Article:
Sunday, March 2, 2008

My Beef With Thomas Hobbes

Thomas Hobbes is the father of modern political philosophy. I think he should have been burned at the stake. This is why:

Hobbes was a conservative — which, in the terms of 1651, meant he was a totalitarian monarchist. In his highly regarded book, Leviathan, he sets out to prove that totalitarian monarchy is based on a “social contract”, and is, therefore, completely moral. In other words, tyrannical dictators are OK, because the populace agrees to be controlled.

This theory is wrong on every relevant level.

First, it is historically inaccurate. There has never, in the history of the world, been a coercive government which resulted from a contract between individuals. Hobbes says this doesn’t matter. His apathetic attitude is impossible to defend, for a contract that hasn’t been signed is void. If government should be a contractual creation, and no one signed a contract, it follows that there should be no government.

He then goes on to explain that life without government is, to use the famous quote, “nasty, brutish, and short”. This is because no agreements are possible in an anarchy. There must be a government to enforce the rules:
For if we could suppose a great Multitude of men to consent in the observation of Justice, and other lawes of nature without a common Power to keep them in awe, we might as well suppose all Man-kind to do the same; and then there neither would be, nor need to be any Civill Government, or Common-wealth at all; because there would be peace without subjection.
He assumes agreements can't be enforced without a government, then assumes that an agreement to create a government can be enforced. As he has admitted, his assumption that a government-creating contract can be enforced obliterates the need for a government in the first place. This is characteristic of Hobbes. As long as it favors the monarchy, logical consistency is unnecessary.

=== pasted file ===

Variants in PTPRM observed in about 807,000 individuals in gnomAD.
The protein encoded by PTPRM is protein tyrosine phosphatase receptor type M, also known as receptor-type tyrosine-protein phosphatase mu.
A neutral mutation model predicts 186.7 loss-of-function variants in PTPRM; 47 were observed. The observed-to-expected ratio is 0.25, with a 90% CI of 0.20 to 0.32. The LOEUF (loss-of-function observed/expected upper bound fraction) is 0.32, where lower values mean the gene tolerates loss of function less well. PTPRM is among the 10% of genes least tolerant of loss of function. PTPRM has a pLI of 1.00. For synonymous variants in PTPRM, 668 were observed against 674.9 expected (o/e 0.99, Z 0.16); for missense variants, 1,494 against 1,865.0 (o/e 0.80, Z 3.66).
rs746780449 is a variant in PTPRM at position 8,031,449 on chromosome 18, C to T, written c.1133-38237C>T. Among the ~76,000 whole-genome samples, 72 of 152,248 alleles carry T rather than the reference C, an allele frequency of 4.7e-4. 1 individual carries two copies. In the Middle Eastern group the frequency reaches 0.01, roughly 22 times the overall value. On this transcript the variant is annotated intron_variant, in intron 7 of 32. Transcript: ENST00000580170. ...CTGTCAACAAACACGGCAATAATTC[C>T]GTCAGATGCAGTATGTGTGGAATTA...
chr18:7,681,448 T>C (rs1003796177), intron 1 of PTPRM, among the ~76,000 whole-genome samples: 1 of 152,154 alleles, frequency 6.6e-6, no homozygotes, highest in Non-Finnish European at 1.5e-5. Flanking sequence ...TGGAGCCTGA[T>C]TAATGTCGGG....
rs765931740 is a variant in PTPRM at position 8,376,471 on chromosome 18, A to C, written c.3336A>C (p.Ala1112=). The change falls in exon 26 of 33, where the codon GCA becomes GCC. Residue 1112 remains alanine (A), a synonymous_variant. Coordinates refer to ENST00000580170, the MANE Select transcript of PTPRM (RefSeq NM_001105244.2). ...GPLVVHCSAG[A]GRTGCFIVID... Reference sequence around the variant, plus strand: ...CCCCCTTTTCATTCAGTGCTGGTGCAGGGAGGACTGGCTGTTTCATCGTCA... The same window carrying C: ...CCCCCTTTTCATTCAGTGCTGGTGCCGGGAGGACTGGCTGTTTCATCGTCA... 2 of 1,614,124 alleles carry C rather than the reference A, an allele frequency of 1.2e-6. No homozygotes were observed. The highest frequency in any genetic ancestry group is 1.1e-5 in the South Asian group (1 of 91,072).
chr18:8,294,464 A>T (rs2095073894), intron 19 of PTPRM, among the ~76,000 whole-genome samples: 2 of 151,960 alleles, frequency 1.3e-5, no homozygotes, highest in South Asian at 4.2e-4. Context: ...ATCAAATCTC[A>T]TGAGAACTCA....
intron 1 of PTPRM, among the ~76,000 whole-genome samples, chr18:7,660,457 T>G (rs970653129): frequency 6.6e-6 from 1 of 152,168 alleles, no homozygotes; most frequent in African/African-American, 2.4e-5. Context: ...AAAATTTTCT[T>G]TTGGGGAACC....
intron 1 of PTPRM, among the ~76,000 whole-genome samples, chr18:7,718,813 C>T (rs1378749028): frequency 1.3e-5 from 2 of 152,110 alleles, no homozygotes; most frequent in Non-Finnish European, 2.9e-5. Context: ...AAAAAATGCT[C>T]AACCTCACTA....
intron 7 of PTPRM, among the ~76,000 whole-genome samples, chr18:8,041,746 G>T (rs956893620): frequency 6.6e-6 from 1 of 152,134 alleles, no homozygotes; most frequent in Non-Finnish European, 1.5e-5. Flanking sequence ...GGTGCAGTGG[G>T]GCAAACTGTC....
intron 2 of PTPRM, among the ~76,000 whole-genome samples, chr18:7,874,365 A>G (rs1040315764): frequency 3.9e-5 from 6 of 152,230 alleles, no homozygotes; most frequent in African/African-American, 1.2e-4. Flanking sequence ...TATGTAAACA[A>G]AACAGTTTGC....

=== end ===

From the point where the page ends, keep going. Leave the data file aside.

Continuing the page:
Another flaw is his inconsistent use of the word "contract". The entirety of Hobbes' argument depends on a definition of contract which excludes coercion. Why? Because contracts are regarded as more ethical than forced relationships only because the former are voluntary, that is, non-coercive. By altering the definition of contract to allow for coercion, he alters the moral composition of contracts, so that they aren't automatically ethical. Imagine: "Rape is not a crime. If a woman didn't want to be raped, she wouldn't walk alone after dark. As you can see, rape is completely moral." It's the same bait-and-switch. All he did was give coercion a new name. He even, in a Freudian slip, consistently refers to government as "coercive", despite the explicitly non-coercive nature of a contract.

Lastly, his description of the state of nature is completely outdated thanks to modern sociobiology. There is wide agreement among psychologists that morality is an evolved, and thus inherent, property of human individuals. Thanks in part to this, it has been shown, historically and theoretically, that in societies in which every person knows every other, order can be kept without a government. This is due to a tit for tat strategy — basically, revenge — that we've evolved to cope with social environments. As long as a person can keep track of criminals, the potential for revenge creates a strong incentive for cooperation, and peaceful society is possible. (Axelrod, 2006) In short, the Hobbesian state of nature does not exist.

To sum up Hobbes’ argument, he says, and I paraphrase, “People should accept the coercive power of the government because
1) They signed a contract — well, OK, they didn’t really sign a contract — and they did this because
2) Anarchy is perpetual war, and no one can reach agreements while in it — except when they want to create a state — and
3) Even though contracts are, by definition, non-coercive, this one is coercive — hey, I’m writing the book here, it can be coercive if I want it to be — and
4) This defies all psychological and historical evidence, but that’s not the point. The point is that
5) People cannot be free.

In Conclusion:

The social contract theory is not only historically inaccurate, psychologically inaccurate, and logically indefensible, it also presupposes that men can create and abide by contracts in the absence of state authority, which is more appropriately the basis for a contractual anarchic society. Q. E. D.

Hobbes' theory has been indirectly responsible for more misery than that of any other in history. I hope he's tortured by a totalitarian government in Hell. (The torture being voluntary. Otherwise he'd leave, right?)

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